Last week I read a few news articles referring to Paul Hollywood, a judge from Channel 4’s the Great British Bake Off, and his estranged wife choosing to use family arbitration to resolve their financial issues following separation rather seeking a decision from the family court. So, what is arbitration and how does it work in family law?

In family arbitration the separated parties appoint an arbitrator, in other words a judge, who will make a award that will be final and binding between them, although as with a court order you can appeal that decision in certain circumstances. Family arbitration can cover any financial and property dispute or with most issues relating to children.  

In theory, family arbitration enables couples going through a family breakdown to resolve their disputes more quickly and in a more flexible and less formal setting than a courtroom. Furthermore, family arbitration is confidential and therefore cannot be observed and commented upon by the media, which is probably one reason why this process is so appealing to celebrities.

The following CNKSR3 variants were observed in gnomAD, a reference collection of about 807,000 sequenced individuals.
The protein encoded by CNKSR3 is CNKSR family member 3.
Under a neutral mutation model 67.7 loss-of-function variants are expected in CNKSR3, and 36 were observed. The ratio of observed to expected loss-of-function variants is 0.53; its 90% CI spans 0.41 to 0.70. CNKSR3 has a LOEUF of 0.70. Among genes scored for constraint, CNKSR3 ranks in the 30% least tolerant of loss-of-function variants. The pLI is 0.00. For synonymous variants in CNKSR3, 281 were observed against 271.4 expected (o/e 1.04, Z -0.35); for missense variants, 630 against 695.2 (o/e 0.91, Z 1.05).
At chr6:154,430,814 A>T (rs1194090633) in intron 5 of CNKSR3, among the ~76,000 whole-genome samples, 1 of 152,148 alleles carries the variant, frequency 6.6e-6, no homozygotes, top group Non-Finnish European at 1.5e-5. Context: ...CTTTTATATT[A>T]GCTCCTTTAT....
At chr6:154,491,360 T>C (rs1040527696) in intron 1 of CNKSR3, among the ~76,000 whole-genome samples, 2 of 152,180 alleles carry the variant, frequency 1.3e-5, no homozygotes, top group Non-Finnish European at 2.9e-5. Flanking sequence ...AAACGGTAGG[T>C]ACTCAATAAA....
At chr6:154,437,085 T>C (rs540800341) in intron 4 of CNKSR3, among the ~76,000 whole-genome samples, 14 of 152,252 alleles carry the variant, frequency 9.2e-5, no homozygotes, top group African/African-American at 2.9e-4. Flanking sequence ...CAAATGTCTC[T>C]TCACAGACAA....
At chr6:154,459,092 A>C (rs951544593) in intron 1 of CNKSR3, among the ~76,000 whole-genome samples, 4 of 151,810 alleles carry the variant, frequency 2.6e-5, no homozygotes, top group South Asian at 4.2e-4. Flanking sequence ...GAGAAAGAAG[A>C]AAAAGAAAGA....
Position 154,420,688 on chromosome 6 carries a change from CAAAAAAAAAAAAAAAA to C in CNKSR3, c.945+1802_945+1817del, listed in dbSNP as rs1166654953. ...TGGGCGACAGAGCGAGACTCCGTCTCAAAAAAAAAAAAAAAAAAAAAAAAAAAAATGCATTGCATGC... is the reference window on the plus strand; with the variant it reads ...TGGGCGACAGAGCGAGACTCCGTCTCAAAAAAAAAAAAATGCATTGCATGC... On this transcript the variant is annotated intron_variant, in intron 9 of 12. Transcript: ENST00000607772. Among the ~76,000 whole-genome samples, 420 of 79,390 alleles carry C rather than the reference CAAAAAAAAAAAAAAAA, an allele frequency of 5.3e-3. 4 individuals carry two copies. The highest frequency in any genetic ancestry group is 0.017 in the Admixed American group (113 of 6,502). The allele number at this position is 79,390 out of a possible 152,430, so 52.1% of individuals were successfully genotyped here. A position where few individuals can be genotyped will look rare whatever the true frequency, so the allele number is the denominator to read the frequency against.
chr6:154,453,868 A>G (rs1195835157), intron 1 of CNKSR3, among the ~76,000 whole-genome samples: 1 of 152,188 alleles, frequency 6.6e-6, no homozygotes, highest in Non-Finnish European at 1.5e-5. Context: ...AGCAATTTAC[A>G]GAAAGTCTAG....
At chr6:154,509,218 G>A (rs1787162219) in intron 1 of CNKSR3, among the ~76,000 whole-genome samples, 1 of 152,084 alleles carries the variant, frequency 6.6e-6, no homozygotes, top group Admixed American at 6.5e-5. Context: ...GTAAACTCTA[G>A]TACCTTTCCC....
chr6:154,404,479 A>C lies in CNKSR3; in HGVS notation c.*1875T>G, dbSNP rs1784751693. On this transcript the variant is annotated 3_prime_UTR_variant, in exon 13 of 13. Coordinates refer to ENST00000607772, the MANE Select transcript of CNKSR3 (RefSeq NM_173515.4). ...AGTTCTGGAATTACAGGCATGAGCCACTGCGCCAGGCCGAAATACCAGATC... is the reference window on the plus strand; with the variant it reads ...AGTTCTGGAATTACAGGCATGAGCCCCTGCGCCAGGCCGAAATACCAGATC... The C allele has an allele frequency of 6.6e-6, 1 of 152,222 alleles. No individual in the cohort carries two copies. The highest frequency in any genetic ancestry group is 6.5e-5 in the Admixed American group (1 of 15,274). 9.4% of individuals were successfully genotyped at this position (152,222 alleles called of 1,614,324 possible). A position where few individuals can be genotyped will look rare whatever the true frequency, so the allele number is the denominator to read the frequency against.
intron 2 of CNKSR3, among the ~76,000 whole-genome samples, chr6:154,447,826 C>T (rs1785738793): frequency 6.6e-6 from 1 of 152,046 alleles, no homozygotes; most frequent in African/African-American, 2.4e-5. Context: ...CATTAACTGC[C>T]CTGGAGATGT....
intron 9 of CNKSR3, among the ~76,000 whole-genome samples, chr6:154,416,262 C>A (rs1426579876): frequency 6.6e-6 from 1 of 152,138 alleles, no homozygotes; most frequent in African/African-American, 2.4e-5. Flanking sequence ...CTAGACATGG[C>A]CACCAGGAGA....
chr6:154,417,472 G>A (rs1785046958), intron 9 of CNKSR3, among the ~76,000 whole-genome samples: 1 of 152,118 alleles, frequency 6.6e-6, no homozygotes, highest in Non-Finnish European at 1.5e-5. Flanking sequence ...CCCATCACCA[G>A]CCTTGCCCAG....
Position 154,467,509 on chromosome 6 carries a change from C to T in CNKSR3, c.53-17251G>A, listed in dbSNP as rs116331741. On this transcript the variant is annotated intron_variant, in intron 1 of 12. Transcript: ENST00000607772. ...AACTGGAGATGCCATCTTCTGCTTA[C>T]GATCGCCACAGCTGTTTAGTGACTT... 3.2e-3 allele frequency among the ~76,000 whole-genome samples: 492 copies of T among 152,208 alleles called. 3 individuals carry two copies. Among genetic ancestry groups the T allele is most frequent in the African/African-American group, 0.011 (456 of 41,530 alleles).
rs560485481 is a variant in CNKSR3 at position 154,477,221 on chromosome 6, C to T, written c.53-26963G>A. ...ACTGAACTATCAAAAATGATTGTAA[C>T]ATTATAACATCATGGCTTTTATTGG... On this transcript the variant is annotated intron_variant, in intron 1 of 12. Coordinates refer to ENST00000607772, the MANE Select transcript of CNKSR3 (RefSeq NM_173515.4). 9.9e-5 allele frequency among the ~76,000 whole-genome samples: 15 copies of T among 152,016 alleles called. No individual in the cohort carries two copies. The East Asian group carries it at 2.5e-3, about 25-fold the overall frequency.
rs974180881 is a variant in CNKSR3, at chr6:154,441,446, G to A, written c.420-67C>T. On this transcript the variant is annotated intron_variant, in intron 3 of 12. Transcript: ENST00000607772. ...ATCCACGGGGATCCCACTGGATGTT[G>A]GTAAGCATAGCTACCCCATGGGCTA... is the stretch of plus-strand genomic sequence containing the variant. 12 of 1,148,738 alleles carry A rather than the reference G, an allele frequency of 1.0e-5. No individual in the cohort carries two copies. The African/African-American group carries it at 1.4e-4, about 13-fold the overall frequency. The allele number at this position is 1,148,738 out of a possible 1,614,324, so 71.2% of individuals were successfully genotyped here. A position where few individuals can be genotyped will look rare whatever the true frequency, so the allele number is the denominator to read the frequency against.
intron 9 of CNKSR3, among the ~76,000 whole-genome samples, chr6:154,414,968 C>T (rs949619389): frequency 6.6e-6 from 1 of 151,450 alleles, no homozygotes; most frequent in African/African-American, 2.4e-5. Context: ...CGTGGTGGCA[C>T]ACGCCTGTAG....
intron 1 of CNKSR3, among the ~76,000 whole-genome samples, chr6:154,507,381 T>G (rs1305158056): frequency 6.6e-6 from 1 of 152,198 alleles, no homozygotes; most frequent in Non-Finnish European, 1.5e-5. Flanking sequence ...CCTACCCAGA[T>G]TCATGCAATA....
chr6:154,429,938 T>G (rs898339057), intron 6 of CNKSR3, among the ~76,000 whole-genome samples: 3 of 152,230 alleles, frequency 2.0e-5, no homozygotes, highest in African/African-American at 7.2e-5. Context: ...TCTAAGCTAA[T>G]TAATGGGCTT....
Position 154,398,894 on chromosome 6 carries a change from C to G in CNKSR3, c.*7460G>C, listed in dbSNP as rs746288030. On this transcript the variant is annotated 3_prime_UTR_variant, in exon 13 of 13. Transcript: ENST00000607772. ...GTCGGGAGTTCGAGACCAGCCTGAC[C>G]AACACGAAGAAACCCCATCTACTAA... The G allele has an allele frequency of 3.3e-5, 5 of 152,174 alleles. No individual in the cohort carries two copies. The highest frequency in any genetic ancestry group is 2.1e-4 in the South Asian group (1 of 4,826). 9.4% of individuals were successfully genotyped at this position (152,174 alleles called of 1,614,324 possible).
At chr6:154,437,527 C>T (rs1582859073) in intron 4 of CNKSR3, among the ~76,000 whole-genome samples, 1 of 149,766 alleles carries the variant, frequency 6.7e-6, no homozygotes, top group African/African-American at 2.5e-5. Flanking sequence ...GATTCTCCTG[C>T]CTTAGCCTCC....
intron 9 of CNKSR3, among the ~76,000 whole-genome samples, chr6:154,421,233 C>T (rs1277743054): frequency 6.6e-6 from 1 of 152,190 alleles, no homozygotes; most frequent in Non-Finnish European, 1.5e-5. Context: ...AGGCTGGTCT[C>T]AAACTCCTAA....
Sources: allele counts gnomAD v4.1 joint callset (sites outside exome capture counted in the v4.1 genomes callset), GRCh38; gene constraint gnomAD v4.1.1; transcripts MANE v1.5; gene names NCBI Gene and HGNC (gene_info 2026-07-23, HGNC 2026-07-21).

The same arbitrator will deal with all stages of the case from start to finish, which often is not possible in court proceedings. The couple can have a greater say who the arbitrator is, how the case is managed and, if needed, the venue where hearings take place. The flexibility and the fact that you will get a final decision much more quickly can make arbitration more cost-effective than the court process.

There will be cases where family arbitration will not be suitable, for example where one-party refuses to engage in the process or you need evidence from a third party. However, it is my view that if you require a decision to be made by a third party it will most likely be more suitable for that decision to be taken by an arbitrator rather than a judge.  

By Marc Etherington (Senior Associate & Collaborative Lawyer at our London office)